Epilepsy is a common condition of the brain in which a person has a tendency to have recurrent unprovoked seizures.

       The brain controls the body’s thoughts, actions, sensations and emotions through nerve cells (neurones) that carry messages between the brain and the body. These messages are transmitted through regular electrical impulses. A seizure occurs when the normal pattern of these impulses is disrupted by sudden excessive bursts of electrical activity in the brain.

       The kind of seizure and how the body is affected relates to the part of the brain in which the seizure occurs. Seizures can involve loss of consciousness, a range of unusual movements, odd feelings and sensations, or changed behaviours.

       Many people have seizures that are not diagnosed as epilepsy. These seizures often have a known cause or provocation and will not occur again unless the same provoking situation occurs. An example of this is febrile convulsions seen in infants.

       The likelihood of being diagnosed with epilepsy at some point in life is about 3 per cent.

       The main treatment for epilepsy is medication, which can control seizures in about 70 per cent of people with epilepsy. Surgery and other treatment options may be a possibility for a small number of people if medication fails to control their seizures.
       There are many different types of seizures. Many people think a ‘seizure’ means a convulsion, where someone becomes unconscious and falls, with stiffness and jerking. However, this is just one type of seizure, and is called a tonic-clonic seizure (previously known as grand mal).

       Some people may have episodes where they ‘go blank’ for a few seconds, while others remain fully conscious during a seizure and can describe their experience. For many, consciousness is impaired, and they may be confused and disorientated during and after the seizure.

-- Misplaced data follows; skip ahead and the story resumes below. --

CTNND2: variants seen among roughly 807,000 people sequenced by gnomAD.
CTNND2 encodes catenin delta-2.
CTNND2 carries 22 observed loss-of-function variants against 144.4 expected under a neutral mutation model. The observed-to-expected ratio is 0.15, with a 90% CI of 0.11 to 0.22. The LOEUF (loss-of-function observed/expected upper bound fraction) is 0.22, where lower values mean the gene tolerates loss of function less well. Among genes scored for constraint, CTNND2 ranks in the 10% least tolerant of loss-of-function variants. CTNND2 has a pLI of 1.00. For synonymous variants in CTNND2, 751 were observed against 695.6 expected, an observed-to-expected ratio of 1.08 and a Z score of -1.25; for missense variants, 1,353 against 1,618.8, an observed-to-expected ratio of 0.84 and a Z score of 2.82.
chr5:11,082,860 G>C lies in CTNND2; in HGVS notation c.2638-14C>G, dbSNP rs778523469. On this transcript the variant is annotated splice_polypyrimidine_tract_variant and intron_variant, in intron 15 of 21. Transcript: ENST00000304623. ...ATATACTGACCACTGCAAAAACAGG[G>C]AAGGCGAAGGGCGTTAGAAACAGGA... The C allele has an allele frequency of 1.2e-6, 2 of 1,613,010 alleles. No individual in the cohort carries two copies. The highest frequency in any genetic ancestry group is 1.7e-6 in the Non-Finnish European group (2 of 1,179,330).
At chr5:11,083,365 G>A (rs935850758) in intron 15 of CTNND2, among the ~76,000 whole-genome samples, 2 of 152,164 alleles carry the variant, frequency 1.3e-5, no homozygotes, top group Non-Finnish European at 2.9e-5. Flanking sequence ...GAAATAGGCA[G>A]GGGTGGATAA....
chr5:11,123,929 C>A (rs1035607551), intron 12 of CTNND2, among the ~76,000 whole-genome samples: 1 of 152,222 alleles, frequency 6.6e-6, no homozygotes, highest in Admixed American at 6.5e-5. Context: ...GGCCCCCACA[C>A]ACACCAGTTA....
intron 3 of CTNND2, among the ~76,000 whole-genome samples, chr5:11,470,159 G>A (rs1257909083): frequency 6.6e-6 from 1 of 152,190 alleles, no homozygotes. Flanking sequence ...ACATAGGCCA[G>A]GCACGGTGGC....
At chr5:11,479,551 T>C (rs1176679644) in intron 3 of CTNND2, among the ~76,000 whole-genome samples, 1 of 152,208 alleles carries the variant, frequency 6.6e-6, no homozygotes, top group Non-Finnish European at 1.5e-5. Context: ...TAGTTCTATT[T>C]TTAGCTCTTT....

A seizure may involve both sides of the brain (generalised onset seizure) or a small part of the brain (focal onset seizure). Sometimes seizures start as one type and evolve into another. Some people can have more than one seizure type.

Generalised onset seizures
       These seizures begin in both hemispheres of the brain simultaneously. There are several types of generalised onset seizures, including:

  • Tonic-clonic seizure – consciousness is lost at the beginning. The muscles stiffen, and the person may fall if standing followed by rhythmic jerking. The person may bite their tongue or become incontinent. They are often confused and very tired afterwards.
  • Absence seizure – these occur mostly in children. The person will ‘go blank’ for a brief time, during which they may stare, and their eyelids may flicker. These seizures can mimic daydreaming and go unnoticed.
  • Tonic seizure – the body suddenly stiffens briefly, and the person may fall stiffly if standing, often causing injury. Recovery is usually quick.
  • Atonic seizure – this is a sudden loss of muscle tone causing the person to fall if standing, or have head drops if sitting. Injuries are common. Recovery is usually rapid.
  • Myoclonic seizures – brief, sudden jerks of a muscle or a group of muscles, usually involving the upper body. These can occur in isolation or clusters.
Causes of epilepsy
       Anything that causes damage or scarring to the brain may lead to seizures and epilepsy. There are many causes for seizures and not everyone has a clear reason why they have epilepsy. In fact, up to half of people with epilepsy don’t know the cause of their condition.

Known causes of epilepsy can include:

  • brain injury
  • stroke
  • brain infection
  • structural abnormalities of the brain